The Great Wall of China is an architectural feat that still amazes people to this day. Each brick was molded by hand and then transported in wheelbarrows, on workers’ backs, on camels and horses, and so on. It took them 300,000 soldiers, countless townspeople, and over 20 years to build the first iteration of The Wall.
But think about all the time, money, and resources the Qin Dynasty could have saved with trucks, forklifts, and an assembly line. An infrastructure engineer hypothesized it could take as little as 15 months to build The Great Wall with modern technology.
Ancient Chinese engineers didn’t have that choice, though—because they didn’t have modern technology. But you do. Doing your marketing without automation is like voluntarily building The Great Wall without factory-made bricks. Hand molded bricks work fine, but using an assembly line leaves you time to focus on the engineering (i.e., your marketing strategy) rather than the manufacturing (i.e., posting daily, sending emails every week, etc.).
When COVID-19 first impacted the U.S., “The Late Show with Stephen Colbert”had to go without an audience. In lieu of laughter and cheers from an engaged crowd, Colbert told his jokes to an empty room—and, as empty rooms do, it didn’t laugh or clap back.
But just because Colbert couldn’t get feedback from a live audience, it doesn’t mean his viewers weren’t enjoying his content. In fact, people were still watching Colbert’s show as much as they did pre-COVID-19.
The reason? With or without feedback, good content is good content. Colbert’s target audience continued to enjoy his show, laugh at his jokes, and probably clap the way they used to—whether he saw them doing so or not—because the content was still good. Good content doesn’t rely on feedback because it’s focused on what the client wants, not what they bring to the transaction.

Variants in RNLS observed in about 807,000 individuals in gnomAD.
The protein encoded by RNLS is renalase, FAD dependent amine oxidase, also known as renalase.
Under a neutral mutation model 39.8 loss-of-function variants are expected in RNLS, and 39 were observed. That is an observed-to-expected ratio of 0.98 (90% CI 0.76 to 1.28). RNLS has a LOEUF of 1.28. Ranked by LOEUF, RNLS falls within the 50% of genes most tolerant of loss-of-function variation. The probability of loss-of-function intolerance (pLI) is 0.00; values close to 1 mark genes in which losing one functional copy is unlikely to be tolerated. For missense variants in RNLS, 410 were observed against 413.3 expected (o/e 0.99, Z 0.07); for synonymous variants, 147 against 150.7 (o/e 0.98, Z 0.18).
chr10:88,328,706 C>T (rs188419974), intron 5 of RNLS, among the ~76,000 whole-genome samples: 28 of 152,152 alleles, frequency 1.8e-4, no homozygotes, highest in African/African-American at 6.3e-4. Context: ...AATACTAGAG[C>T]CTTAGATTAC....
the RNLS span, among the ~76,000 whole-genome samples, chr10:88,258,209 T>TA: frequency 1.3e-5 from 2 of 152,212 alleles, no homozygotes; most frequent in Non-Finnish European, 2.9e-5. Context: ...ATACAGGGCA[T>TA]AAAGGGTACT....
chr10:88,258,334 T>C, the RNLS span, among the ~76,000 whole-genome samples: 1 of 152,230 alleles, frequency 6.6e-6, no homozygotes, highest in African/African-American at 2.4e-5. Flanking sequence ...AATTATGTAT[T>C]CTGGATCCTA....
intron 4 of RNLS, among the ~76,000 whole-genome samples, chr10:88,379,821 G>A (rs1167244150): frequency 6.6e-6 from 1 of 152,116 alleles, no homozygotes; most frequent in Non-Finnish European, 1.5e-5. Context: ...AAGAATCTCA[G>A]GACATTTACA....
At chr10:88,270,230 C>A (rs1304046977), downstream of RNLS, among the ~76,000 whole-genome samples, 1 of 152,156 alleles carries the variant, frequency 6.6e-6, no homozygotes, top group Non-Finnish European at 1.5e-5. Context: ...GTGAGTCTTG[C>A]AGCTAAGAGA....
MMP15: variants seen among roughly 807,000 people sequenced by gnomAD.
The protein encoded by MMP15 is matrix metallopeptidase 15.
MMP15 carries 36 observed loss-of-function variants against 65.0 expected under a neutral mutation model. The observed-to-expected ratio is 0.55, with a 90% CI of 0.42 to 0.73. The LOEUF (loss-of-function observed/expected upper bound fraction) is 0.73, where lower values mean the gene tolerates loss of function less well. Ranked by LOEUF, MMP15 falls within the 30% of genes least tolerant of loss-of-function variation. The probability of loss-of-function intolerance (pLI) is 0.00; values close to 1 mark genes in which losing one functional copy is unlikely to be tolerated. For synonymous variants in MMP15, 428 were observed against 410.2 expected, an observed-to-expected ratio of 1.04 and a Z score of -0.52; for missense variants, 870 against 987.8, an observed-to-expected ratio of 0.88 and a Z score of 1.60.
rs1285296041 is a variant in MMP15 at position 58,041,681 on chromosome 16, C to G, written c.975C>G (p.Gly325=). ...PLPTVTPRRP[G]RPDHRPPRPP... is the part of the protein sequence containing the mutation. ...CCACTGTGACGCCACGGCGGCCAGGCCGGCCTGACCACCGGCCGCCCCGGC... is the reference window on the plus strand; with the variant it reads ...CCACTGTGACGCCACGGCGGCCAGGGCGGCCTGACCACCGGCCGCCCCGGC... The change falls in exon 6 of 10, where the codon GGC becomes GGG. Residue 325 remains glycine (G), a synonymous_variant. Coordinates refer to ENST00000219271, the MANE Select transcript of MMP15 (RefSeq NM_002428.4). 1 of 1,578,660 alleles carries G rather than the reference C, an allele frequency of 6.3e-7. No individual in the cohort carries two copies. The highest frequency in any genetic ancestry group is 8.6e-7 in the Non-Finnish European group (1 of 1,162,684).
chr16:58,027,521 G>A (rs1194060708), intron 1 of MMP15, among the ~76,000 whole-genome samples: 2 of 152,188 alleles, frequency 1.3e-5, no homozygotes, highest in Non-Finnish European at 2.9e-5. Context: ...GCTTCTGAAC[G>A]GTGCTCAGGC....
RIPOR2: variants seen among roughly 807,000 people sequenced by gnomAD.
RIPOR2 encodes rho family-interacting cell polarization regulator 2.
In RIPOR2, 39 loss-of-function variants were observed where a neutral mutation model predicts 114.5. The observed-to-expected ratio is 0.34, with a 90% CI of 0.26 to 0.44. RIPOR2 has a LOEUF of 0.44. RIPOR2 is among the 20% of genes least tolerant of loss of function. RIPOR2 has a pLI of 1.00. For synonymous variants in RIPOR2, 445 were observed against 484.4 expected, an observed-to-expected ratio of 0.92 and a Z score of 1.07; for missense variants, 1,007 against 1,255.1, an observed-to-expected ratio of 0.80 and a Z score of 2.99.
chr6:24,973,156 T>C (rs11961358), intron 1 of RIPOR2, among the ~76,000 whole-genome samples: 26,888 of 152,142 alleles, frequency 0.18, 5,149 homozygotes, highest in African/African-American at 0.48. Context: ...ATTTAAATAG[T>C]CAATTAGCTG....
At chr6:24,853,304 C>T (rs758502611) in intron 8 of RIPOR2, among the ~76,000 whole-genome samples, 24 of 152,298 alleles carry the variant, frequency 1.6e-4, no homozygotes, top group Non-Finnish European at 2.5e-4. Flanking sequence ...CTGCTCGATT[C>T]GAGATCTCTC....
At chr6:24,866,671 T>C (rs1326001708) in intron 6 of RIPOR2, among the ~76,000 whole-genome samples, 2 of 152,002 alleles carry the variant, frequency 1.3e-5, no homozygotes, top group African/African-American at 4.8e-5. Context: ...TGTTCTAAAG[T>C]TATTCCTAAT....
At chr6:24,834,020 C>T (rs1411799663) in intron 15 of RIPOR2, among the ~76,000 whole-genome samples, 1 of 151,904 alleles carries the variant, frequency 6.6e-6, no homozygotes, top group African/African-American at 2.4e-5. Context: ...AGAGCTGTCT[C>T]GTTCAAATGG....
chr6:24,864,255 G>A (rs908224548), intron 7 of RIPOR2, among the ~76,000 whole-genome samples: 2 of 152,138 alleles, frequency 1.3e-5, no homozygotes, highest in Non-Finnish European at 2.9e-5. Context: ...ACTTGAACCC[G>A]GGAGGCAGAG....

And that’s good news because tech giants like Apple and Google have started prioritizing consumer privacy. This means our marketing efforts may yield less feedback at certain stages of the sales funnel. We won’t be able to track email open rates, click-through rates, and other metrics as accurately as we once did—but that doesn’t have to mean the end of lead generation.
“What I appreciated most from Robert Sofia is all the examples that he set out to put in the book because I felt like I was going back and forth from Googling stuff to going on Youtube and watching the marketing campaigns that he talked about.”
One of our values at Snappy Kraken is continued education, and in the Marketing Department, part of that means each of us presenting a monthly book review.
Not all of the books we review will make it to a blog post, because not all of them will be relevant to Financial Advisers, or marketing as a whole, but all the videos will be up on our YouTube channel.
The reviews will be around 10 minutes, which by no means is enough time to cover every aspect of each book.